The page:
The case of Charles Sobhraj seems perfect for the age of the true-crime dramatization. Sobhraj, currently incarcerated in Nepal, was a serial murderer in the 1970s, preying especially upon Western travelers on the so-called Hippie Trail in Asia. His notoriety intersects with the anxieties of his era, and his deeds demonstrate an almost boundless capacity for cruelty and compartmentalization: Both of these facts would seem to serve a genre that seeks within stories from the past ways of understanding our times and ourselves.
“The Serpent,” a limited series appearing on Netflix after running on BBC One earlier this year, unfortunately never gets there. Through the writing of Richard Warlow and Toby Finlay, we are given an intriguing — if at times somewhat generic-feeling — look into the world of seekers and believers trying to find themselves between Kathmandu and Bangkok, and we see that world preyed on by an archvillain whose skillfulness has its pleasures but whose soul remains obscured. “The Serpent,” true to its title, treats Sobhraj as something more dangerous and otherwise less than human, but in doing so, it leaves the possibility of real insight behind.
One issue is the scrambled timeline, which slices between Sobhraj’s crimes and the effort to stop him. Intercutting between crime and punishment — with frequent on-screen legends telling us how many months or years have elapsed — makes an eight-hour series feel longer and diminishes the volume of story that it’s working with. The technique reduces practically every incident into a vignette and cuts short the amount of sustained time we spend in the presence of Sobhraj (played by Tahar Rahim). His crimes begin to seem formulaic, which is true of a serial killer, perhaps. But Sobhraj’s ennui becomes our own, sapping the series of a raw tension that should be the first thing it gets right. Directors Tom Shankland and Hans Herbots have conjured atmosphere only to let it slip away. The tendency of “The Serpent” to slither from point to point without letting us get situated feels not so much artful as the case of a show that is not confident about the power and potency of its material.
The actors work hard to convince us of the story’s worth. As Sobhraj, Rahim is very fine: Recently the lead in the film “The Mauritanian,” he is an insinuating presence, lending enough oleaginous charm to his character to make clear why his victims were taken in. Sobhraj often appeared first to his quarries as a helper or a savior figure, providing them assistance or offering them the chance to share in profits from gems he hoped to offload. Rahim is an effective master of disguise — he shifts his look to evade detection, and in what is both a suitable metaphor for his constant morphing and a satisfying process to watch, doctors passports with ease. But his best costume is the pretense of decency. When the mask falls — as, for instance, when he turns on one of his closest associates (Amesh Edireweera) — it’s terrifying.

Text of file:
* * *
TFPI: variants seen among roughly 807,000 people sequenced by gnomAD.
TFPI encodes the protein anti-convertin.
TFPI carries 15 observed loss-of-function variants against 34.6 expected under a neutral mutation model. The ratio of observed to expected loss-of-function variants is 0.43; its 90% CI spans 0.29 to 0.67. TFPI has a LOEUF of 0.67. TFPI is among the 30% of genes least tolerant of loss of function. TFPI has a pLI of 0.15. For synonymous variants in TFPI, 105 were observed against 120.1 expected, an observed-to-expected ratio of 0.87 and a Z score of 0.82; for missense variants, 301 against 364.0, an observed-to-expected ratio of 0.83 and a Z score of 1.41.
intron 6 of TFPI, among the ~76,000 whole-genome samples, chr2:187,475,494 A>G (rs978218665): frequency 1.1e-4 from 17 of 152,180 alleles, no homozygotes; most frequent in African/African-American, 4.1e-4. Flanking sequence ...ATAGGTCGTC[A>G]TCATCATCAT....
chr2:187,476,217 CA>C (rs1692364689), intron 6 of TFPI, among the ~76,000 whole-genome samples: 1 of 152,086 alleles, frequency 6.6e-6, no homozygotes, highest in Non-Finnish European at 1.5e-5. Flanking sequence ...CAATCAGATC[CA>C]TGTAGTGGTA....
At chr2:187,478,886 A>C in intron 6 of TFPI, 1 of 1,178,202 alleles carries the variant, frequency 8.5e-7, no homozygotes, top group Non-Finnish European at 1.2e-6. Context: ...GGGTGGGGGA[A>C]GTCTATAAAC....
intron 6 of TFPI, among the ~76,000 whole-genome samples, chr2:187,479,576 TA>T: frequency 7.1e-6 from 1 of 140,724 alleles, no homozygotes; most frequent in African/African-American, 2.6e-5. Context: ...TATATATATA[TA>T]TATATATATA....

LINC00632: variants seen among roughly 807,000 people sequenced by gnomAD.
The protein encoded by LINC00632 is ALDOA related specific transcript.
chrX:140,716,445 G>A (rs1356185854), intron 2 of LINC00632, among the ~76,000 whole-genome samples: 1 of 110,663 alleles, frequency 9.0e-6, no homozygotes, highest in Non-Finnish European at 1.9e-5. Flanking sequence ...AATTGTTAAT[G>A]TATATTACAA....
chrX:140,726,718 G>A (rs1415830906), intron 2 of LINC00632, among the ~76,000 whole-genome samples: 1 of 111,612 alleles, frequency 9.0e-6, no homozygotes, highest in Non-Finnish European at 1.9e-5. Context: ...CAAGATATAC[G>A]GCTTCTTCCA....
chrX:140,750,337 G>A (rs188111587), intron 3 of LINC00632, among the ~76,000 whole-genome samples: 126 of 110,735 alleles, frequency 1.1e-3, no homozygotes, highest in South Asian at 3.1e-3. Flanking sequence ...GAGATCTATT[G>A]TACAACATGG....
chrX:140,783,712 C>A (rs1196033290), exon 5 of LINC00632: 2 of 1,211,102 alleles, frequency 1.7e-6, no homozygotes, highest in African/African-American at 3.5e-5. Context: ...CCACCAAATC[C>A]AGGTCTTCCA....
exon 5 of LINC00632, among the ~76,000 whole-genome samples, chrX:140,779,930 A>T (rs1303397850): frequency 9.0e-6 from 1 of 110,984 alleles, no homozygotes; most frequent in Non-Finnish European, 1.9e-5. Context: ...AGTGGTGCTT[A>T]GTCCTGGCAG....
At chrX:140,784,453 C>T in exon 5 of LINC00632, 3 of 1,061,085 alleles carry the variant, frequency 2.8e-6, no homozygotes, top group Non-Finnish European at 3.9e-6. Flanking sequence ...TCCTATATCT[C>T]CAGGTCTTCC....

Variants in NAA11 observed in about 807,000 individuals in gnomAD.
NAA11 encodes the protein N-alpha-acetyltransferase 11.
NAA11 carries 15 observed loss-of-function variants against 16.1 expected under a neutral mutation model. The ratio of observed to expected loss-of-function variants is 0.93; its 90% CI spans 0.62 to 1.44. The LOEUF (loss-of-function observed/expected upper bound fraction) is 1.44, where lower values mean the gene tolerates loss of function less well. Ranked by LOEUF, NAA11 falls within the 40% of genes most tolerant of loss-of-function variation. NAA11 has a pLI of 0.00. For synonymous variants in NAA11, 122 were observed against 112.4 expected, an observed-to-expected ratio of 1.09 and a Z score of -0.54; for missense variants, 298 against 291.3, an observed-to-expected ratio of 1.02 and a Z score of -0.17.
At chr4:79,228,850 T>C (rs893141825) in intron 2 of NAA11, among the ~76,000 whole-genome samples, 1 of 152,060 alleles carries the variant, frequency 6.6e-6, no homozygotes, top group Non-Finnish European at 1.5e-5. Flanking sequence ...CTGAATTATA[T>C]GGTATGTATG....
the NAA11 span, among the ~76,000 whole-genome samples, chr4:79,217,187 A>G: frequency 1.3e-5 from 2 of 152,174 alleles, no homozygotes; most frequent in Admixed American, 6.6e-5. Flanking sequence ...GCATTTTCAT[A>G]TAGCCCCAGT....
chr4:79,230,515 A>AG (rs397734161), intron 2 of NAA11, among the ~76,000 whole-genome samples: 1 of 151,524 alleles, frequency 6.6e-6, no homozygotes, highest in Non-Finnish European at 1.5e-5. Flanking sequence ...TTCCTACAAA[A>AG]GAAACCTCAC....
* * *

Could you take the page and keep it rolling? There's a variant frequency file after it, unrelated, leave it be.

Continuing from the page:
As his girlfriend Marie-Andrée Leclerc, Jenna Coleman gives the series’ best and longest look at the sort of person swept into Sobhraj’s orbit, ensorcelled by his air of confidence and of wealth but allowed to live, by some good fortune or by Sobhraj sensing that her amorality comes in a shape similar to his. One of the show’s few genuinely amusing uses of its intercutting is holding on her face as she swears off being Sobhraj’s “accomplice” — cut to three months later, and she’s grinning by the pool, buoyed by his wealth and the Bonnie-and-Clyde adventurism of being a pair against the world.
But what were Sobhraj and Leclerc against? In its consideration of a criminal whose vicious imagination lacks a clear origin, the show faces a challenge similar to Ryan Murphy’s 2018 limited series about Andrew Cunanan. Here, it’s all demonstration, little explanation: We get a crystalline sense of Sobhraj’s distaste for the hippie lifestyle, rendering aesthetic judgments through death. But he also appears to disdain the bourgeoisie — we get glimpses, more substantial as the show progresses, into the family life that may have fueled the early stages of Sobhraj’s rage, with the criminal telling a pious family member “I’m smarter than Christ.” His nihilism makes for an intriguing enough case study for a while, and an interesting counterpoint to the do-gooders trying to stop him (including his neighbors, played by Mathilde Warnier and Grégoire Isvarine, and a pair of husband-wife diplomats, played by Billy Howle and Ellie Bamber).
But if it doesn’t need to explain, “The Serpent” needs to do more to draw us in. As it becomes evident that fundamental questions about Sobhraj’s temperament and decision-making are beyond this series’ grasp, the temporal leaps start to seem like distraction more than edification. Sobhraj is, by the end, an ably played monster who did things at a certain time, with neither man nor time convincingly explored beyond depiction.
“The Serpent” premieres on Netflix April 2.